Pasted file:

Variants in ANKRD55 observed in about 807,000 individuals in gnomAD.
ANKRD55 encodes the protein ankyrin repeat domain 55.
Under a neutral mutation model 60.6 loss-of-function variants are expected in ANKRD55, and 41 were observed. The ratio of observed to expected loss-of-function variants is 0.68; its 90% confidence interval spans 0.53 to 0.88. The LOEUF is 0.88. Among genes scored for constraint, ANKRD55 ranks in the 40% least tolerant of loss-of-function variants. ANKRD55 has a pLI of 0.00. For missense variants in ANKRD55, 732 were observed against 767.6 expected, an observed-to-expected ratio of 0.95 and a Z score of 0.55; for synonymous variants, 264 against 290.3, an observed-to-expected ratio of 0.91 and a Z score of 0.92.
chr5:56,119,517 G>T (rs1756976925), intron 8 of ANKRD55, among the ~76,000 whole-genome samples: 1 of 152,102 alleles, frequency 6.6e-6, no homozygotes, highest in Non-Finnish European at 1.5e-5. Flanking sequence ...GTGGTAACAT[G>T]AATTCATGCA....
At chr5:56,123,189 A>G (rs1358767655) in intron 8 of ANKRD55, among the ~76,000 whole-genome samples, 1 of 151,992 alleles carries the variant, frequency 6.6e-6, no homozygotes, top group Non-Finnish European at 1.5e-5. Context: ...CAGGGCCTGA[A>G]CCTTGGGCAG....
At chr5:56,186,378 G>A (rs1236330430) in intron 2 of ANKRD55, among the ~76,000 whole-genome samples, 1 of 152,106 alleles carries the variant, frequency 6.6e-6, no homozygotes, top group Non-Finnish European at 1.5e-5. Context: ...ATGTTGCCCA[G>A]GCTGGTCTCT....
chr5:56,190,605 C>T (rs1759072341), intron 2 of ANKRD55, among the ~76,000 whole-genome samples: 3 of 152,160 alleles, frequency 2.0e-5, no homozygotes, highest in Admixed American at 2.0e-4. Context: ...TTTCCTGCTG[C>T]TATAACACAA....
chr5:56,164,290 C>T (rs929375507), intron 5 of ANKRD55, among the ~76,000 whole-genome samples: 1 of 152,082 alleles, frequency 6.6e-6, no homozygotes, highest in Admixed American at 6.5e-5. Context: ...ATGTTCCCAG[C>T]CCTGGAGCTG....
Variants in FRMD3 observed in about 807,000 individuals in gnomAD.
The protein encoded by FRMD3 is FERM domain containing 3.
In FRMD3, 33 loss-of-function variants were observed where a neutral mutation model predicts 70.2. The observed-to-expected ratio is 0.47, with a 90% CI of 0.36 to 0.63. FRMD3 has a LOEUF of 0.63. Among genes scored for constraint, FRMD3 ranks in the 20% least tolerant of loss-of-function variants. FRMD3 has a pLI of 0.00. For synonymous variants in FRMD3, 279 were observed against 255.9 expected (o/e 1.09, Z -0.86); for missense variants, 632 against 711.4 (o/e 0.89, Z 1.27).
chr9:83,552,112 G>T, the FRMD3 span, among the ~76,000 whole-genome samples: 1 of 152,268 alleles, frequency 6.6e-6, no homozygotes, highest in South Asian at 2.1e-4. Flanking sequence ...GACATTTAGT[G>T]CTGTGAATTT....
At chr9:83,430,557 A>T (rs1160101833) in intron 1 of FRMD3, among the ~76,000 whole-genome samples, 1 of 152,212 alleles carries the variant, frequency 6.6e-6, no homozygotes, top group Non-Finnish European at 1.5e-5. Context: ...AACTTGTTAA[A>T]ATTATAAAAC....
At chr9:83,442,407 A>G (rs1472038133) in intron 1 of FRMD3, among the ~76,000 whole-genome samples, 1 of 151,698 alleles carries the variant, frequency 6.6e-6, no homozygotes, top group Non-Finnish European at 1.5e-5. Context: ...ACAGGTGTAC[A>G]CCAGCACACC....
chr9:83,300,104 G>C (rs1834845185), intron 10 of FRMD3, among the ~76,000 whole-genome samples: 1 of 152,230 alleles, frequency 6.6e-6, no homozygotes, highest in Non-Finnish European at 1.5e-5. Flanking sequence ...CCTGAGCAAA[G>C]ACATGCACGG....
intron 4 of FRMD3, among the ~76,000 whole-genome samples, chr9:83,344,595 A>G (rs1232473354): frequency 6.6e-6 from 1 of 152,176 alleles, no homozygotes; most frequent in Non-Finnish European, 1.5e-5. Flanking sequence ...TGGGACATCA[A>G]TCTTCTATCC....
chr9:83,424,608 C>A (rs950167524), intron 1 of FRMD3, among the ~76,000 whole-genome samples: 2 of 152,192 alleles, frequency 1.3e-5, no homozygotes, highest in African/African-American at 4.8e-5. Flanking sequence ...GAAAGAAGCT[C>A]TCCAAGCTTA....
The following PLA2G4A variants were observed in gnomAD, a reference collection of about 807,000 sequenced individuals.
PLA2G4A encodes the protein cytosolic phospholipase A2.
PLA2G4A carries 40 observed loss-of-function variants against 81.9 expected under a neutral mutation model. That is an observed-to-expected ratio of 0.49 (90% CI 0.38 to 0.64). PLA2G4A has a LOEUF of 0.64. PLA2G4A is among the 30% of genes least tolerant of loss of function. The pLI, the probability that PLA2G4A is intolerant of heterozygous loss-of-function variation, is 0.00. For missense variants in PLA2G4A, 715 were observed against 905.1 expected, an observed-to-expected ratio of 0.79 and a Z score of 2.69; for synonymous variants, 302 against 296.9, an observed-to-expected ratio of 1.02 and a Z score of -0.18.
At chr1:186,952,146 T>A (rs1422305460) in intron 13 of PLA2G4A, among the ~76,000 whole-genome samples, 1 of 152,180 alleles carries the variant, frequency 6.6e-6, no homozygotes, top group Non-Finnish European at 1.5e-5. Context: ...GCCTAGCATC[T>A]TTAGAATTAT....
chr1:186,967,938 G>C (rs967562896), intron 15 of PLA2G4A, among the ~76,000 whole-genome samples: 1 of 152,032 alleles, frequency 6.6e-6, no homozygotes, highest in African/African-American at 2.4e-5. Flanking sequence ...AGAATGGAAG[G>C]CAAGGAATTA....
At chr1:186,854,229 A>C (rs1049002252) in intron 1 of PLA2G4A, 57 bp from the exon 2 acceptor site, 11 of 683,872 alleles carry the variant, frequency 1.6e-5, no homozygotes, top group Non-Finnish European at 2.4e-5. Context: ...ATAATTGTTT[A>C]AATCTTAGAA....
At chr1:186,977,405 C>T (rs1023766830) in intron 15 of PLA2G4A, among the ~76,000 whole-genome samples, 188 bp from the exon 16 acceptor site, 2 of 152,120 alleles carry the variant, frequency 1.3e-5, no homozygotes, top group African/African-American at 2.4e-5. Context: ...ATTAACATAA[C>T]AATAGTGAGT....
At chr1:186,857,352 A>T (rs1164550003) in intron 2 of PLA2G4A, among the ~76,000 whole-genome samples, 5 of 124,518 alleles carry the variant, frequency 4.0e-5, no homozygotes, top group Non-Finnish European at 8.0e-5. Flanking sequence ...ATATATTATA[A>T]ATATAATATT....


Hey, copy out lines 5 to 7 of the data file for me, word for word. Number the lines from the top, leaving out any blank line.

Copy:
At chr5:56,123,189 A>G (rs1358767655) in intron 8 of ANKRD55, among the ~76,000 whole-genome samples, 1 of 151,992 alleles carries the variant, frequency 6.6e-6, no homozygotes, top group Non-Finnish European at 1.5e-5. Context: ...CAGGGCCTGA[A>G]CCTTGGGCAG....
At chr5:56,186,378 G>A (rs1236330430) in intron 2 of ANKRD55, among the ~76,000 whole-genome samples, 1 of 152,106 alleles carries the variant, frequency 6.6e-6, no homozygotes, top group Non-Finnish European at 1.5e-5. Context: ...ATGTTGCCCA[G>A]GCTGGTCTCT....
chr5:56,190,605 C>T (rs1759072341), intron 2 of ANKRD55, among the ~76,000 whole-genome samples: 3 of 152,160 alleles, frequency 2.0e-5, no homozygotes, highest in Admixed American at 2.0e-4. Context: ...TTTCCTGCTG[C>T]TATAACACAA....